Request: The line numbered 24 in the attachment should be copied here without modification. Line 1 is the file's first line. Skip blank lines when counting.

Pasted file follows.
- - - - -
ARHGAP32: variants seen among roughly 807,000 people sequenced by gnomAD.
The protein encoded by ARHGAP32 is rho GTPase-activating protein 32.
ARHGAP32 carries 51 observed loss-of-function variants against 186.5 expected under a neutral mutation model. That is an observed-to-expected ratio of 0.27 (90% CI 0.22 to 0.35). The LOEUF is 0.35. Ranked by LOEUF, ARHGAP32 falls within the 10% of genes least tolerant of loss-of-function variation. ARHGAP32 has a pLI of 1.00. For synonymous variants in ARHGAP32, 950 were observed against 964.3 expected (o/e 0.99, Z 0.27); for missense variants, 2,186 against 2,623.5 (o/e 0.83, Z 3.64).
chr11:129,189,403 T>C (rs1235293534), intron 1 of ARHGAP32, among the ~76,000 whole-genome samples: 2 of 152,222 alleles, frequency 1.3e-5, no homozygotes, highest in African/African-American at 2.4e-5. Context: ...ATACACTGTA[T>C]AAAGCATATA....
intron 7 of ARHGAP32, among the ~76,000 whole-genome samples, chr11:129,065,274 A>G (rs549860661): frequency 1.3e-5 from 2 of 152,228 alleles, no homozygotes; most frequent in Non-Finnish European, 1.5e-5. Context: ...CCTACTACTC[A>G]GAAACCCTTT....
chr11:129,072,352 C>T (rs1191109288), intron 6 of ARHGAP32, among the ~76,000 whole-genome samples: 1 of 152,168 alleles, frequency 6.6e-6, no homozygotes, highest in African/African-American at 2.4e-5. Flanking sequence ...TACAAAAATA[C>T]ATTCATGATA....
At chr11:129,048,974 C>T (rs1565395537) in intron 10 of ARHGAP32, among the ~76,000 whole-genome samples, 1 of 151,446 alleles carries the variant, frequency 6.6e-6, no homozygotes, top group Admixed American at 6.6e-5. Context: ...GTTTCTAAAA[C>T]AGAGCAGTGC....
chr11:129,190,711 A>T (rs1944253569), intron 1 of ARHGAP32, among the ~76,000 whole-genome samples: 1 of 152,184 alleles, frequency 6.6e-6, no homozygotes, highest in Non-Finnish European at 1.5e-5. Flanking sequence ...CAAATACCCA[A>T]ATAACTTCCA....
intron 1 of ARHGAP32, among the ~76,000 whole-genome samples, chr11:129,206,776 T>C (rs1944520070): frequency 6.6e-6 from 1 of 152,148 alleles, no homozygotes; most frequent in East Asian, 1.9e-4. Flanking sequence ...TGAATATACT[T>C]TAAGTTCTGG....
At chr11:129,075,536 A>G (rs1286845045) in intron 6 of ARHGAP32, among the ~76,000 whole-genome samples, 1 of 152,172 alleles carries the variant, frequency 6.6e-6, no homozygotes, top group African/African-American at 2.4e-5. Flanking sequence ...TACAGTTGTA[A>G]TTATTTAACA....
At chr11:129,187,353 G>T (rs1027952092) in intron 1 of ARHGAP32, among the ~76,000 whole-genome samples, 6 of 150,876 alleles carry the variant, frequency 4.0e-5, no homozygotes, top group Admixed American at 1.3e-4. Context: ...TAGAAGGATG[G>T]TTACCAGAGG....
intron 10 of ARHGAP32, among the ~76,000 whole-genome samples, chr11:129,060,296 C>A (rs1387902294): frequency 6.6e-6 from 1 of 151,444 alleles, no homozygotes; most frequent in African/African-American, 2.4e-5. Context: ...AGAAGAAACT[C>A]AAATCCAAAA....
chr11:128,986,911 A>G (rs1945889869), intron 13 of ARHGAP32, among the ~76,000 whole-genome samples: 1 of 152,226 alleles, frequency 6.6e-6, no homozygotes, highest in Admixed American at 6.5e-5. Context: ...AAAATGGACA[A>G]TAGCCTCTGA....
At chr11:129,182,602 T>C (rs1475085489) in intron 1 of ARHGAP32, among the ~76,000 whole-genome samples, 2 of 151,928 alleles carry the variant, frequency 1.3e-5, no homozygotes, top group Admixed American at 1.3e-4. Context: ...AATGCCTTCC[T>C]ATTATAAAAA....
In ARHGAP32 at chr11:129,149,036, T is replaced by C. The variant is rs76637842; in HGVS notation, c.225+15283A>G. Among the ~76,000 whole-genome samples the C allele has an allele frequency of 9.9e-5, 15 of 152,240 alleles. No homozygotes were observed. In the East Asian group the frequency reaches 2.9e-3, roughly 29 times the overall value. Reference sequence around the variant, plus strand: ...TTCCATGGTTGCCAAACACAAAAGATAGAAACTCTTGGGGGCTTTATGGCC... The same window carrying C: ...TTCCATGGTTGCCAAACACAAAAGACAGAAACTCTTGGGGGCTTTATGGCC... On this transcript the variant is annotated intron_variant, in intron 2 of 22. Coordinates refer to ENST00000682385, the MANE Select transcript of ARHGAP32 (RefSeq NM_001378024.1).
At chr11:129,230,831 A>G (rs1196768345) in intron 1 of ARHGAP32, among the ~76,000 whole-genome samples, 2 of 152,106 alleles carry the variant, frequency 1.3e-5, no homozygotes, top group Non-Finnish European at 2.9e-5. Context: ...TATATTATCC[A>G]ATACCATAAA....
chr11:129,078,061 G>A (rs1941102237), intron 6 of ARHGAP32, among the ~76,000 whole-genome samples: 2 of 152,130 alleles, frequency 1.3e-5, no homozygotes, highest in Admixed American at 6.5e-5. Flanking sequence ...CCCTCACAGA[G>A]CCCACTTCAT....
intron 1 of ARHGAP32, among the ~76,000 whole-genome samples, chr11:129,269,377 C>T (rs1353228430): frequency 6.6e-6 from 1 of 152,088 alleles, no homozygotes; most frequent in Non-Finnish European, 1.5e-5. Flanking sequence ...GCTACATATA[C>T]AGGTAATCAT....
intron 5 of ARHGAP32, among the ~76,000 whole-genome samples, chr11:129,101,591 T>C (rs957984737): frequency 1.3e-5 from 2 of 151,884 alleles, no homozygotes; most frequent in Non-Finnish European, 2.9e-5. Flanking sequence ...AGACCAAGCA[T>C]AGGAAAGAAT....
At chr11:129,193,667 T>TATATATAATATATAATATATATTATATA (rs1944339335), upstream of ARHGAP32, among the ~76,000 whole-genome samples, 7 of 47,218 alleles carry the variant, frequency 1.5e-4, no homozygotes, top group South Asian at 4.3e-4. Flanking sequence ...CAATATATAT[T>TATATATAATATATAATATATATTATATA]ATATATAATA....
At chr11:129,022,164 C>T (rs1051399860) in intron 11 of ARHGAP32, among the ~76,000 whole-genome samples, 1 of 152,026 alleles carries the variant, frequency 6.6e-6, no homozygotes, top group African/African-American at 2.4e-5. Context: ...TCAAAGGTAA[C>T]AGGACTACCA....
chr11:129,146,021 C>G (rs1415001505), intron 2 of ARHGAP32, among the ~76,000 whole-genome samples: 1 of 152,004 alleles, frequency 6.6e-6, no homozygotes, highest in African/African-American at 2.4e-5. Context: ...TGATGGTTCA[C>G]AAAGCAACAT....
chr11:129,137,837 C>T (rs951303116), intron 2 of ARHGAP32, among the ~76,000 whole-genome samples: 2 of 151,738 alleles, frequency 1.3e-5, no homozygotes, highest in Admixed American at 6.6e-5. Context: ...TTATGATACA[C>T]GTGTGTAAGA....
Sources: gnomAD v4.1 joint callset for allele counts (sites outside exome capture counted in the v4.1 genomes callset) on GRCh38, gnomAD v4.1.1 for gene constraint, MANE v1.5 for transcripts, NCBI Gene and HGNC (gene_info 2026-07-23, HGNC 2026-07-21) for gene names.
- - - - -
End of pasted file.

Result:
Sources: gnomAD v4.1 joint callset for allele counts (sites outside exome capture counted in the v4.1 genomes callset) on GRCh38, gnomAD v4.1.1 for gene constraint, MANE v1.5 for transcripts, NCBI Gene and HGNC (gene_info 2026-07-23, HGNC 2026-07-21) for gene names.